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The molecular motor kinesin travels processively along a microtubule in a stepwise manner. Here we have studied the chemomechanical coupling of the hydrolysis of ATP to the mechanical work of kinesin by analysing the individual stepwise movements according to the directionality of the movements. Kinesin molecules move primarily in the forward direction and(More)
Kinesin is a stepping motor that successively produces forward and backward 8-nm steps along microtubules. Under physiological conditions, the steps powering kinesin's motility are biased in one direction and drive various biological motile processes. The physical mechanism underlying the unidirectional bias of the kinesin steps is not fully understood.(More)
Single molecule measurements have allowed series of kinetic events of biomolecules to be monitored without interruption. The stepwise movement of molecular motors was measured and analyzed in relation to the hydrolysis reaction of ATP. In the case of kinesin, forward and backward steps occurred stochastically at the same chemical state. The directional(More)
Kinesin-1 is an ATP-driven molecular motor that "walks" along a microtubule by working two heads in a "hand-over-hand" fashion. The stepping motion is well-coordinated by intermolecular interactions between the kinesin head and microtubule, and is sensitively changed by applied forces. We demonstrate that hydrostatic pressure works as an inhibitory action(More)
We describe the construction and characterization of a laser-line-scanning microscope capable of detection of broad fluorescence spectra with a resolution of 1 nm. A near-infrared femtosecond pulse train at 800 nm was illuminated on a line (one lateral axis, denoted as X axis) in a specimen by a resonant scanning mirror oscillating at 7.9 kHz, and total(More)
Movement is a fundamental characteristic of all living things. This biogenic function that is attributed to the molecular motors such as kinesin, dynein and myosin. Molecular motors generate forces by using chemical energy derived from the hydrolysis reaction of ATP molecules. Despite a large number of studies on this topic, the chemomechanical energy(More)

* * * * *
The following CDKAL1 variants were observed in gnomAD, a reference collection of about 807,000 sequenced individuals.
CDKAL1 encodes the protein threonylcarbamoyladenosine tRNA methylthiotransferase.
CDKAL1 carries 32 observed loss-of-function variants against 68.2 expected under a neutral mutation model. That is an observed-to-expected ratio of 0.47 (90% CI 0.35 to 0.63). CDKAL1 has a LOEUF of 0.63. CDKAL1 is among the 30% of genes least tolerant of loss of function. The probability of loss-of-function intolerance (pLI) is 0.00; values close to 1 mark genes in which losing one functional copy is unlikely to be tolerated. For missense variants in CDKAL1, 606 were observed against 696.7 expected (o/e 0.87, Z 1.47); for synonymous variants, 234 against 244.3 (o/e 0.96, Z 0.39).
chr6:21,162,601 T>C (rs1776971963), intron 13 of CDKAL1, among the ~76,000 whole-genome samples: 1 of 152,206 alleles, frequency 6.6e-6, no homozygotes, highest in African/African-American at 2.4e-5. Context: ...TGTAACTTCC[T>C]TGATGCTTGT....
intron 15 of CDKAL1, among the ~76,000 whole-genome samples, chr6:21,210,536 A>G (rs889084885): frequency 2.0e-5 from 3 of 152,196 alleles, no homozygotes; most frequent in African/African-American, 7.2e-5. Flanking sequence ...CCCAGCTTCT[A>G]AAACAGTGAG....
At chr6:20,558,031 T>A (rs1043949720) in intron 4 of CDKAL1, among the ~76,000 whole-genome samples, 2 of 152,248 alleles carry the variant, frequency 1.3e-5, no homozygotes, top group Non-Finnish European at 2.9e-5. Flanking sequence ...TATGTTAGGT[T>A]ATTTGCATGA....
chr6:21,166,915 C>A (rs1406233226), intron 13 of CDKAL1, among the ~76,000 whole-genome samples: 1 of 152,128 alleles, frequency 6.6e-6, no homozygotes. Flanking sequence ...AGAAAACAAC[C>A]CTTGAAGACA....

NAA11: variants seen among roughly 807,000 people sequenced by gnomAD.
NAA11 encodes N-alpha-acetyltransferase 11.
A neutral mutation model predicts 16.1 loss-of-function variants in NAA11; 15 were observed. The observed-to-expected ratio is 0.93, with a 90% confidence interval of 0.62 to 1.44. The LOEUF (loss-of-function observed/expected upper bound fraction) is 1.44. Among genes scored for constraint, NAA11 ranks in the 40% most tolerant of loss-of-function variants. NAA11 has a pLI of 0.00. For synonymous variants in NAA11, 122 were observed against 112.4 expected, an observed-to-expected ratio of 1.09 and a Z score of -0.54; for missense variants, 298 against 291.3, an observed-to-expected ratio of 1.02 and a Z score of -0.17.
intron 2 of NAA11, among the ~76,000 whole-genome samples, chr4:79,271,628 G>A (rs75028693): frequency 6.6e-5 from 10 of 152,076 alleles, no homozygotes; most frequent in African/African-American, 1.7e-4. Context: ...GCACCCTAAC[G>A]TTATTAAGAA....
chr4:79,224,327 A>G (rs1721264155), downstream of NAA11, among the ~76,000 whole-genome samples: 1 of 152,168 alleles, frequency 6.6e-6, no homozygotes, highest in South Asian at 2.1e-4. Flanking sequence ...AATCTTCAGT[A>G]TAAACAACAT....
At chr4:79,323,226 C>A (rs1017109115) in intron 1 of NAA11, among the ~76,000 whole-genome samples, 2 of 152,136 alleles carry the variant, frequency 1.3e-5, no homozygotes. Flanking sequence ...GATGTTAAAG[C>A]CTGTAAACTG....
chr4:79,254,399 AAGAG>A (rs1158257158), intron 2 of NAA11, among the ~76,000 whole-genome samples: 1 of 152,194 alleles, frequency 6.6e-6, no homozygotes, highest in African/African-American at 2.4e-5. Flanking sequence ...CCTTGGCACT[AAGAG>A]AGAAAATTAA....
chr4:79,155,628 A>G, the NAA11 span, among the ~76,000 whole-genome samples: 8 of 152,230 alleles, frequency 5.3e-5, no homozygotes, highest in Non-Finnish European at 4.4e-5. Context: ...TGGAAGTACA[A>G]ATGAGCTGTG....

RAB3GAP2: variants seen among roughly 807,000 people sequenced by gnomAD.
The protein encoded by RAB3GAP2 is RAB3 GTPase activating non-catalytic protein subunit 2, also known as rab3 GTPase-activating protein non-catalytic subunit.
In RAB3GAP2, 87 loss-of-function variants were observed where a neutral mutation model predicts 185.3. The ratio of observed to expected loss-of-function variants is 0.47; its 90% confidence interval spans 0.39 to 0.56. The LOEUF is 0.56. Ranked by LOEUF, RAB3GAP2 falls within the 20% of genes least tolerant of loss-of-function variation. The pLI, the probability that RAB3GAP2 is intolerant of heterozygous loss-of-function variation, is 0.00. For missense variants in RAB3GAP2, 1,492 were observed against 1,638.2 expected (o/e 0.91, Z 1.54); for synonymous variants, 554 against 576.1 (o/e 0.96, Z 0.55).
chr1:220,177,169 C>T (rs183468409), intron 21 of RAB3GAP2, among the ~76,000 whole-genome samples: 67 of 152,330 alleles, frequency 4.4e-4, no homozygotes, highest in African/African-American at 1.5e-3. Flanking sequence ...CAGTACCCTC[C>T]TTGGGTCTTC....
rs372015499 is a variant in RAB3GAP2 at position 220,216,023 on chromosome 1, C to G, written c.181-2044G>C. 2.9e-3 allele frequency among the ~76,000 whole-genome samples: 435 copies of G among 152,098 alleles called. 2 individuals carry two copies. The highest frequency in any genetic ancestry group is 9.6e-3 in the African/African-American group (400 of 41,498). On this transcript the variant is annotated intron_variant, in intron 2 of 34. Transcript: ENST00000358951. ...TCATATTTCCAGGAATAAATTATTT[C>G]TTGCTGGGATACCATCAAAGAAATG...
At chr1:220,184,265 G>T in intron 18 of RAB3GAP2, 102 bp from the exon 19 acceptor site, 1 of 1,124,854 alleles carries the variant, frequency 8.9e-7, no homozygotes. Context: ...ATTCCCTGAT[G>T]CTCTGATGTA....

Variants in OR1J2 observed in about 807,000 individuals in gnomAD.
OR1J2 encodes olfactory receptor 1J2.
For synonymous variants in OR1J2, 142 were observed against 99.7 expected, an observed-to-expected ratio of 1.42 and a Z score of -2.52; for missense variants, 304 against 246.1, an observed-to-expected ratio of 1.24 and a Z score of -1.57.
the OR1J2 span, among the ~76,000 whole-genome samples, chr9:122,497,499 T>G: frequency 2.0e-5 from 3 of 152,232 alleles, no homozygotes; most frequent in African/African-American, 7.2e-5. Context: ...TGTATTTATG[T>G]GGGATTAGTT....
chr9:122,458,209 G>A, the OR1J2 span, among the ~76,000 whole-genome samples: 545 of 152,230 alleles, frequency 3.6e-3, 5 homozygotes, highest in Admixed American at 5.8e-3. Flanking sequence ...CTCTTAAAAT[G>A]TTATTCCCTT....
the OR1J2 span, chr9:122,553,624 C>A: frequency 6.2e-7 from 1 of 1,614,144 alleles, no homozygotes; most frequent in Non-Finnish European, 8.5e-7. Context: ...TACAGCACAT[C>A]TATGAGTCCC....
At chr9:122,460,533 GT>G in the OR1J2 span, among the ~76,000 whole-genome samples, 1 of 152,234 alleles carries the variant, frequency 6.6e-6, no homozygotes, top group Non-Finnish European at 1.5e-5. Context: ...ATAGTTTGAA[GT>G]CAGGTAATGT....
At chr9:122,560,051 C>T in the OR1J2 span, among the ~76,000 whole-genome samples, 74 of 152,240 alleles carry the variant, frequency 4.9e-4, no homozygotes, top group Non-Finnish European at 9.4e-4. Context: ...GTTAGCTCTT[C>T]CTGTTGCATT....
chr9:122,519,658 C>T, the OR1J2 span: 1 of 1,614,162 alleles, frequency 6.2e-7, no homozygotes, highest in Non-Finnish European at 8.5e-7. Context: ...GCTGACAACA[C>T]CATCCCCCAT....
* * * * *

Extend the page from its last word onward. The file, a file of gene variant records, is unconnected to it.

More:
The bacterial flagellar motor is a molecular machine that converts an ion flux to the rotation of a helical flagellar filament. Counterclockwise rotation of the filaments allows them to join in a bundle and propel the cell forward. Loss of motility can be caused by environmental factors such as temperature, pH, and solvation. Hydrostatic pressure is also a(More)
Aquifex aeolicus is a hyperthermophilic, hydrogen-oxidizing and carbon-fixing bacterium that can grow at temperatures up to 95 °C. A. aeolicus has an almost complete set of flagellar genes that are conserved in bacteria. Here we observed that A. aeolicus has polar flagellum and can swim with a speed of 90 μm s(-1) at 85 °C. We expressed the A. aeolicus mot(More)
Hydrostatic pressure is one of the physical stimuli that characterize the environment of living matter. Many microorganisms thrive under high pressure and may even physically or geochemically require this extreme environmental condition. In contrast, application of pressure is detrimental to most life on Earth; especially to living organisms under ambient(More)
We performed in vitro assays to visualize the effects of pressure on the filamentous structure of microtubules. Taxol-stabilized microtubules were tethered to kinesin motors on the observation window of a high-pressure chamber. When pressure was applied to the sample solution, all of the microtubules started to shorten from both ends. The length changes(More)